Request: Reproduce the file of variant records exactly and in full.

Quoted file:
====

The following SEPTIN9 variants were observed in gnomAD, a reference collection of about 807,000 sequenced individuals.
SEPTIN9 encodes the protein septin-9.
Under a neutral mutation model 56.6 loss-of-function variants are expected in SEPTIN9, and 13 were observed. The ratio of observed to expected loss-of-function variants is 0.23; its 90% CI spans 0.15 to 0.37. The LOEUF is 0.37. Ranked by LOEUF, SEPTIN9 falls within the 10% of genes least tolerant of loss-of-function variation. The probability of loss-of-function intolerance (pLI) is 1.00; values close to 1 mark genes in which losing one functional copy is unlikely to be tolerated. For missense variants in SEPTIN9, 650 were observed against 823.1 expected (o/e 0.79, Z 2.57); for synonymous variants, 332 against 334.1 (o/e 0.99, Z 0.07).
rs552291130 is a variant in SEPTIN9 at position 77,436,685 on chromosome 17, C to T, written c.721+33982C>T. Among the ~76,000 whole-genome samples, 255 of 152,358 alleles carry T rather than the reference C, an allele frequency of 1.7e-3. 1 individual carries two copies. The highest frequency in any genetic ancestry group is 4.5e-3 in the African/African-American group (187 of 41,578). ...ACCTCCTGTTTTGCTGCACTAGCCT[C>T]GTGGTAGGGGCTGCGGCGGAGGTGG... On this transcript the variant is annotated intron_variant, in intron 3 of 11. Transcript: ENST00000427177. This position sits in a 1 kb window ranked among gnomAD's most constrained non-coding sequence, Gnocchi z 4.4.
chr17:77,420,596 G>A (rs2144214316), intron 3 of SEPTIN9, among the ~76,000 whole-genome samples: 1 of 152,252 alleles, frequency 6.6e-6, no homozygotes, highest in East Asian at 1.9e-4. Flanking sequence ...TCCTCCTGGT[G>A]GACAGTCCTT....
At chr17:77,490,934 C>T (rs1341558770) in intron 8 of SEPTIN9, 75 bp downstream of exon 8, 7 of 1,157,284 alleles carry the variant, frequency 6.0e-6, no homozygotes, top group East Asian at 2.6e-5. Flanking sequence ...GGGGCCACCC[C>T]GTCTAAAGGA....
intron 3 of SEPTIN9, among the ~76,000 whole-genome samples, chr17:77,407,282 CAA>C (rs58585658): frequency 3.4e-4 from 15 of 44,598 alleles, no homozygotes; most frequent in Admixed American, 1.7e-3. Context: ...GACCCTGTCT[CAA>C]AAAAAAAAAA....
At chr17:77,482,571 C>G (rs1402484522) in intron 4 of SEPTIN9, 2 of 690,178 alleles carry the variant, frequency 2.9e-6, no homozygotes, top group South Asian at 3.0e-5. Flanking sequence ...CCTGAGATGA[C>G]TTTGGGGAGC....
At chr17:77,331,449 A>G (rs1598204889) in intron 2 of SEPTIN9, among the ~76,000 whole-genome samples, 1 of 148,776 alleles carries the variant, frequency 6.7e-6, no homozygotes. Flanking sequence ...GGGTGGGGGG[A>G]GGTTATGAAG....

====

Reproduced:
The following SEPTIN9 variants were observed in gnomAD, a reference collection of about 807,000 sequenced individuals.
SEPTIN9 encodes the protein septin-9.
Under a neutral mutation model 56.6 loss-of-function variants are expected in SEPTIN9, and 13 were observed. The ratio of observed to expected loss-of-function variants is 0.23; its 90% CI spans 0.15 to 0.37. The LOEUF is 0.37. Ranked by LOEUF, SEPTIN9 falls within the 10% of genes least tolerant of loss-of-function variation. The probability of loss-of-function intolerance (pLI) is 1.00; values close to 1 mark genes in which losing one functional copy is unlikely to be tolerated. For missense variants in SEPTIN9, 650 were observed against 823.1 expected (o/e 0.79, Z 2.57); for synonymous variants, 332 against 334.1 (o/e 0.99, Z 0.07).
rs552291130 is a variant in SEPTIN9 at position 77,436,685 on chromosome 17, C to T, written c.721+33982C>T. Among the ~76,000 whole-genome samples, 255 of 152,358 alleles carry T rather than the reference C, an allele frequency of 1.7e-3. 1 individual carries two copies. The highest frequency in any genetic ancestry group is 4.5e-3 in the African/African-American group (187 of 41,578). ...ACCTCCTGTTTTGCTGCACTAGCCT[C>T]GTGGTAGGGGCTGCGGCGGAGGTGG... On this transcript the variant is annotated intron_variant, in intron 3 of 11. Transcript: ENST00000427177. This position sits in a 1 kb window ranked among gnomAD's most constrained non-coding sequence, Gnocchi z 4.4.
chr17:77,420,596 G>A (rs2144214316), intron 3 of SEPTIN9, among the ~76,000 whole-genome samples: 1 of 152,252 alleles, frequency 6.6e-6, no homozygotes, highest in East Asian at 1.9e-4. Flanking sequence ...TCCTCCTGGT[G>A]GACAGTCCTT....
At chr17:77,490,934 C>T (rs1341558770) in intron 8 of SEPTIN9, 75 bp downstream of exon 8, 7 of 1,157,284 alleles carry the variant, frequency 6.0e-6, no homozygotes, top group East Asian at 2.6e-5. Flanking sequence ...GGGGCCACCC[C>T]GTCTAAAGGA....
intron 3 of SEPTIN9, among the ~76,000 whole-genome samples, chr17:77,407,282 CAA>C (rs58585658): frequency 3.4e-4 from 15 of 44,598 alleles, no homozygotes; most frequent in Admixed American, 1.7e-3. Context: ...GACCCTGTCT[CAA>C]AAAAAAAAAA....
At chr17:77,482,571 C>G (rs1402484522) in intron 4 of SEPTIN9, 2 of 690,178 alleles carry the variant, frequency 2.9e-6, no homozygotes, top group South Asian at 3.0e-5. Flanking sequence ...CCTGAGATGA[C>G]TTTGGGGAGC....
At chr17:77,331,449 A>G (rs1598204889) in intron 2 of SEPTIN9, among the ~76,000 whole-genome samples, 1 of 148,776 alleles carries the variant, frequency 6.7e-6, no homozygotes. Flanking sequence ...GGGTGGGGGG[A>G]GGTTATGAAG....